However, receiving feedback from those inside prison proved to be a creative challenge in and of itself, especially because communication restrictions vary by facility. “Some folks can receive video, while some people can’t receive any kind of text, and it’s all snail mail. Some people have tablets, some people might have one kiosk that they share with, you know, 200 other people…With a couple of folks there, I haven’t been able to send them anything.” In those instances, Tim received feedback from a contact on the outside who the video’s subject trusted to make editorial decisions on their behalf.
Spoon could receive video clips, but only 30 seconds at a time, so Tim sent him 40-some video segments throughout their collaboration. Through this process, though, Spoon revealed his equal commitment to uplifting Tim’s artistic vision. “This is his project, and I want his touch to be in the way he needs to mold those three art forms together – the music and the poetry and the artwork – and that’s what’s important to me,” he said.
Clips of Spoon reading his poetry punctuate his storytelling against the backdrop of his own drawings, while Tim’s music sets a contemplative tone in the background. The talents of the two artists fortify one another, each art form enriched by the addition of the other. “It’s blended together in a way that allows people to step into the drawing, allows people to step into the poetry, and allows people to step into the music,” Spoon remarked. “That’s what art is supposed to be about.”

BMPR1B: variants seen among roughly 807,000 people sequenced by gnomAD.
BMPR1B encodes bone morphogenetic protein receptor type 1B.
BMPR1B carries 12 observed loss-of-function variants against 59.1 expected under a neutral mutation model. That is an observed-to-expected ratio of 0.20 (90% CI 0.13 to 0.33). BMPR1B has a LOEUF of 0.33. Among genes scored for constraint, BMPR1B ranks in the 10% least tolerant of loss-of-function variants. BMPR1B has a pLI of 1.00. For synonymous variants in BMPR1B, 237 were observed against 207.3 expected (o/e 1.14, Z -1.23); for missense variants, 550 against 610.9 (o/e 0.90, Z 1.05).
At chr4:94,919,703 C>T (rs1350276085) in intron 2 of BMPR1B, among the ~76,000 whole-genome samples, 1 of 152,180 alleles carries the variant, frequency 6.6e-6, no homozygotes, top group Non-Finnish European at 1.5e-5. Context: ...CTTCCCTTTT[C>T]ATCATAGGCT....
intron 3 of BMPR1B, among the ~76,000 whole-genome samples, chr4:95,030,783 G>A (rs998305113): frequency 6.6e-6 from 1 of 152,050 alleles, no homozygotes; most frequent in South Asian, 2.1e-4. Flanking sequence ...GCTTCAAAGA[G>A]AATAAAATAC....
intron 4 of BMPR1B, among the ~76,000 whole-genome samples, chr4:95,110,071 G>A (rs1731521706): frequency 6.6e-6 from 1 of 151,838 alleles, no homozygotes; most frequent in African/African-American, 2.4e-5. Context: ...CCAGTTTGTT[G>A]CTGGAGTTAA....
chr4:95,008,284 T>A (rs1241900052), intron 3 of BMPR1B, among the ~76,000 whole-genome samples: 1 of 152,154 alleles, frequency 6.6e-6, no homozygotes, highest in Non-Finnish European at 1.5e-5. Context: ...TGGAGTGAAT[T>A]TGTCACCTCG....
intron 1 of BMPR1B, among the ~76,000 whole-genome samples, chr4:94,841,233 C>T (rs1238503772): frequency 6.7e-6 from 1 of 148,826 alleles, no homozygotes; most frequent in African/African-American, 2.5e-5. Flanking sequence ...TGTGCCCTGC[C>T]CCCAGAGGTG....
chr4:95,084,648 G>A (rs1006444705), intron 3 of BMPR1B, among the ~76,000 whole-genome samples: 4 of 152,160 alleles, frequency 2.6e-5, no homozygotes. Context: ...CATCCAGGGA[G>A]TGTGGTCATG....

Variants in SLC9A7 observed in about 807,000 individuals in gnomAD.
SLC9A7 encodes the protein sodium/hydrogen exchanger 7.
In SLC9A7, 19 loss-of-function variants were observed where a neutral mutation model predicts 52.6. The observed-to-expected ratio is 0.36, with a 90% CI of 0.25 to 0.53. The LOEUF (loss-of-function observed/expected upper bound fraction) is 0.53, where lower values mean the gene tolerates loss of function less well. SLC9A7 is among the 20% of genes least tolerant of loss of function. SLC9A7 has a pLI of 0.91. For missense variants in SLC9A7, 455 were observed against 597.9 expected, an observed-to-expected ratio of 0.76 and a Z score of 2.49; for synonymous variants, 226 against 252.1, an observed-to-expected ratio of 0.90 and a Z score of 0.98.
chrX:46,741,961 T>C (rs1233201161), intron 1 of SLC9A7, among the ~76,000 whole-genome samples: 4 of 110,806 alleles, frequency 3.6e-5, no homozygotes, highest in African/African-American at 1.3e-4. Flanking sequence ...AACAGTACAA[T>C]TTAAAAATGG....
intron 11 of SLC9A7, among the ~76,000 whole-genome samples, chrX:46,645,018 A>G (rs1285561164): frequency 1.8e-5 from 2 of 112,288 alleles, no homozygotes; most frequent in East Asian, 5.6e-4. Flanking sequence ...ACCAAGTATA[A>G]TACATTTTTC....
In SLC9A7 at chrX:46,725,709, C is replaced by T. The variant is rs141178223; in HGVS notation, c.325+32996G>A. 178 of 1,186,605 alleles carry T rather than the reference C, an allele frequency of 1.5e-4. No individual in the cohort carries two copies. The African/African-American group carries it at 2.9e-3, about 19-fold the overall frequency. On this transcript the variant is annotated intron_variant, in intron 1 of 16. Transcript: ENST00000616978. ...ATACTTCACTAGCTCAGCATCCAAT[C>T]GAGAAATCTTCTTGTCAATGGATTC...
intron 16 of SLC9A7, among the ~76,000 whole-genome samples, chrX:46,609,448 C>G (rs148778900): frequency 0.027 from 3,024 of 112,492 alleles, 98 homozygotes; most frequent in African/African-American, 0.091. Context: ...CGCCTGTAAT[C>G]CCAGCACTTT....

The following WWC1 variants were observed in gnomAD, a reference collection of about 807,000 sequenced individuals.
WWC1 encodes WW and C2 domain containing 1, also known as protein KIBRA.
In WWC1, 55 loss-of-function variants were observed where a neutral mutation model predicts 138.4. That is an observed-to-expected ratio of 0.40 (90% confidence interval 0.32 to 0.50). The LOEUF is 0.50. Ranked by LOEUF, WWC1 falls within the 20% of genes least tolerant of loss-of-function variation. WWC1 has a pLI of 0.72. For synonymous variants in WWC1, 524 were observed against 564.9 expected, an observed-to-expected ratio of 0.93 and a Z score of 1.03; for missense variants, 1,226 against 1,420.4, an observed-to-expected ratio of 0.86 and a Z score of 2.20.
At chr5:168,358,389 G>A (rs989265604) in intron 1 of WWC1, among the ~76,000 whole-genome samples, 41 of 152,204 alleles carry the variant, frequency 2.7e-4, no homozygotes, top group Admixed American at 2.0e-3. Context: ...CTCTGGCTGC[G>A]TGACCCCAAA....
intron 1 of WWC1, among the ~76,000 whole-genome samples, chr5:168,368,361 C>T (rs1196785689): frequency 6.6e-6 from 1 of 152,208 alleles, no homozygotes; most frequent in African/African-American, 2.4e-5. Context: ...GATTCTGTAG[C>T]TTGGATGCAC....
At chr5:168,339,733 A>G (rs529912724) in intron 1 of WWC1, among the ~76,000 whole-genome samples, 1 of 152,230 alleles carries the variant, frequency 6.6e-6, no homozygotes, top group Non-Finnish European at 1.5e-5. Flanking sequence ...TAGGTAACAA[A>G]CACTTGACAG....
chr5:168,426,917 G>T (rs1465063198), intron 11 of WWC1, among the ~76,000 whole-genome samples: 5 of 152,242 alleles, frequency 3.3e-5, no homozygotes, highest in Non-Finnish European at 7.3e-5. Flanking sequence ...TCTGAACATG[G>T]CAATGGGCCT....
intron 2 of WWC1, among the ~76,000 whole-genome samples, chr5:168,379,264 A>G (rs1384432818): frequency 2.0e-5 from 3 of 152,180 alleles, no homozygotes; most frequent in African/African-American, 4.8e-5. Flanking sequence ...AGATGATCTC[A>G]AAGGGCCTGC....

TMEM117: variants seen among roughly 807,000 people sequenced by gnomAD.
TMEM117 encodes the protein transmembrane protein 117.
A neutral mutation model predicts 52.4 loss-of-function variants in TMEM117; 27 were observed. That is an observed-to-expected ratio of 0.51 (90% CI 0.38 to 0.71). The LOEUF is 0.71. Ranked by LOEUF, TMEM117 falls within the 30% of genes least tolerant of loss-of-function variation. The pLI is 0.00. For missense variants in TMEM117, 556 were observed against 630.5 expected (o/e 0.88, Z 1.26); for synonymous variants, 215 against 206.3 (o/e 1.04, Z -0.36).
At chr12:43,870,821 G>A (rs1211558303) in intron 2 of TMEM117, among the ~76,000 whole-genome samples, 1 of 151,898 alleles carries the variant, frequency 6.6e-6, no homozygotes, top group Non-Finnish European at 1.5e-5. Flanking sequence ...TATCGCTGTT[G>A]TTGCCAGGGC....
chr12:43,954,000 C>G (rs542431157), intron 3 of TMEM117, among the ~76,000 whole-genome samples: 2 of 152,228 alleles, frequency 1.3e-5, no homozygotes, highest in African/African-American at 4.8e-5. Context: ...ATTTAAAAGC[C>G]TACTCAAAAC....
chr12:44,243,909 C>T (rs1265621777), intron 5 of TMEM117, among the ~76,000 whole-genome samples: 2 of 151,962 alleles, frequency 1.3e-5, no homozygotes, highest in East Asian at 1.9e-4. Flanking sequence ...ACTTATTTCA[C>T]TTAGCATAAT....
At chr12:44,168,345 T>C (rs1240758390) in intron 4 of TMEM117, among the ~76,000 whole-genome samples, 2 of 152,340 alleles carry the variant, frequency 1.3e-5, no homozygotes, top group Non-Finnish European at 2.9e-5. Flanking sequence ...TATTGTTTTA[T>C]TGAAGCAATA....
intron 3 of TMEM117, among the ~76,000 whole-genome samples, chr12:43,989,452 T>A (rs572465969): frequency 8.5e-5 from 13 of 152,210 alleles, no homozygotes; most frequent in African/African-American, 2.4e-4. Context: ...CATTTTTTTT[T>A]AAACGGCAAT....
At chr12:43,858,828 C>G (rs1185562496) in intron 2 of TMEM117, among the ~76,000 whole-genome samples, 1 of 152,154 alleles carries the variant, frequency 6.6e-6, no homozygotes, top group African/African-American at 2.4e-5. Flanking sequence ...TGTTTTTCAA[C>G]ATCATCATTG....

We talked for some time about the inclination to tell a story and the search for the best medium through which to tell it. Though Spoon has worked with many different art forms, poetry is his primary medium for storytelling. It was also the first medium that he “thought (his story) in.”
“Metaphors and similes are primitive language in man,” he explained. “And it’s simple. It’s not trying to be esoteric or trying to have some double meaning like politicians do.”
“I considered myself some sort of great poet when I was younger,” Tim said, chuckling, when I asked him about the artistic mediums that he’s dabbled in, “and then I realized that maybe I was not quite as suited for that as I thought at the time.” Nowadays, Tim views narrative as an important component of his music. He carefully composed the music for each of the Tomorrow’s Ken videos, adding a unique, individualized touch.